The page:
ST. LOUIS, Mo. – As we prepare to ring in 2018, it’s important to take stock of what’s happened over the past 12 months.
The year 2017 saw some unprecedented changes in important positions of power here and around the state. A governor with no prior elected political experience, the first female mayor elected in St. Louis, and the first time since the Civil War that a locally-controlled St. Louis Metropolitan Police Department got to choose a new chief.
We lost Chuck Berry, Dick Gregory, Bill Wilkerson, and Robert Guillaume, among some boldface names locally and nationally. And the region saw visits from President Donald Trump and Vice-President Mike Pence.
Here’s a look at ten of the moments, events, and issues which dominated the landscape in 2017.
What were you doing on August 21, 2017? Around St. Louis and Southern Illinois, there’s a better than good chance your eyes were focused on the skies, For 90 seconds, we were in a position to see totality, just the faint outline of the sun. The event provided a chance for communities all along the eclipse’s path to come together to share the special celestial moment. The next opportunity like it won’t happen until April 8, 2024.
COOL MOMENT: HONORABLE MENTION
After years of campaigning by team officials and clamoring by fans, the St. Louis Blues finally hosted a game outdoors as part of the NHL’s Winter Classic. On January 2, 2017, more than 46,000 fans packed into Busch Stadium to watch the hometown team defeat the Chicago Blackhawks 4-1.
FLOODING: The heavy rains of late April and early May 2017 saturated our region and flooded river communities along the Big, Bourbeuse, Cuivre, Meramec, Missouri, and Mississppi Rivers. The flooding, much of it at or near historic levels, came just 18 months after a previous devastating flood in late 2015. Communities like Eureka and Union were at times cut off at times. Historic Eureka’s business district specifically was in hand-to-hand combat in efforts to sandbag vulnerable buildings. Estimates place the cost near $86 million, with hundreds of damaged structures.
THE TEAM THAT ALMOST WAS: St. Louis has long laid claim to being “a cradle” of American soccer dating back to the 1950 World Cup, when five of the 11 players on the roster which upset England hailed from here. The city is home to the Hermann Trophy, given annually to the top men’s college soccer player, in honor of Bob Hermann, a longtime soccer league executive. Strong public and private high school s producing loads of Division I caliber talent, with many now playing in the MLS or overseas. Professional and National Team exhibition games staged here have drawn huge crowds. So when Major League Soccer announced expansion plans, St. Louis was all but told: build a stadium and you’re in. A potential ownership group proposed a stadium near Union Station, but only if city voters approved $60 million to help pay for it by raising a use tax. It failed on the April ballot. It appears any chance of bringing the MLS to St. Louis hinges on the ability to reach a regional solution to fund a stadium.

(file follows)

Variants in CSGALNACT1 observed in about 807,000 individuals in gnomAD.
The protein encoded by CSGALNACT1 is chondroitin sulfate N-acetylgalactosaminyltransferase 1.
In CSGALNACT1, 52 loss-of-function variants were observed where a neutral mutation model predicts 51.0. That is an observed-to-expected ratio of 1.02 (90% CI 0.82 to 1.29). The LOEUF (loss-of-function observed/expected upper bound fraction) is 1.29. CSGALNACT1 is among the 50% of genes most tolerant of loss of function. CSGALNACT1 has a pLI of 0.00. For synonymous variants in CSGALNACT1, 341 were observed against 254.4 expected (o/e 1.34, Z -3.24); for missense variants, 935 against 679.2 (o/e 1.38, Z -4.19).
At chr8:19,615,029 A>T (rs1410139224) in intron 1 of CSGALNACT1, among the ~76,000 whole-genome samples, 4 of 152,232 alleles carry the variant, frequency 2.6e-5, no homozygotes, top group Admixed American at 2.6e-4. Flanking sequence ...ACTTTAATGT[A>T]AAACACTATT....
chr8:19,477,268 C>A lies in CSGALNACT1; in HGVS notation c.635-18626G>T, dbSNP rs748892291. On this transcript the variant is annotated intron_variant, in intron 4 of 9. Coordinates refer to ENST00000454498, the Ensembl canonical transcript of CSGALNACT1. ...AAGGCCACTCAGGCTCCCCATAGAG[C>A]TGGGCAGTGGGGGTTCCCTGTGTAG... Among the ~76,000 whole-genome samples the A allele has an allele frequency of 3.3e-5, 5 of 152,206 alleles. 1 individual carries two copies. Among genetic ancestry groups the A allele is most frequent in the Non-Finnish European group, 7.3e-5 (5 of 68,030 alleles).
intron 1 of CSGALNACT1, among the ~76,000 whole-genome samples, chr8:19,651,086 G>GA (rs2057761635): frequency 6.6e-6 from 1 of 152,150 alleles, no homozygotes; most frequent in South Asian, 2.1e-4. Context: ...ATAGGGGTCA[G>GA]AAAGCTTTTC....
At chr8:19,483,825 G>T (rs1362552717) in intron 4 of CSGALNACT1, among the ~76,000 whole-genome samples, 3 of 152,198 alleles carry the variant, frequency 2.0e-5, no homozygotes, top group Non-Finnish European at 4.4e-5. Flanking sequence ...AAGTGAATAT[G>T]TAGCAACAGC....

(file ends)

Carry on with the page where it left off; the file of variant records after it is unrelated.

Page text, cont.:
AMAZON HQ HUNT: The Seattle-based online giant set off a business race of epic proportions in September when it announced it was looking for a home for a second corporate headquarters, or HQ2. A month and a half later, the St. Louis region joined 237 other attempts to answerthe company’s RFQ. At stake are as many as 50,000 jobs and billions of dollars in private investment.
While we still don’t know a lot of the specifics, the preferred St. Louis regional bid includes a joint venture with St. Clair County, IL that could be connected by a bridge. The state of Missouri has also submitted a statewide proposal that relies heavily on coming innovations in transportation that could make a commute between Kansas City, Columbia and St. Louis amount to a matter of minutes instead of hours. A precise timeline for winnowing the field of entries is unknown.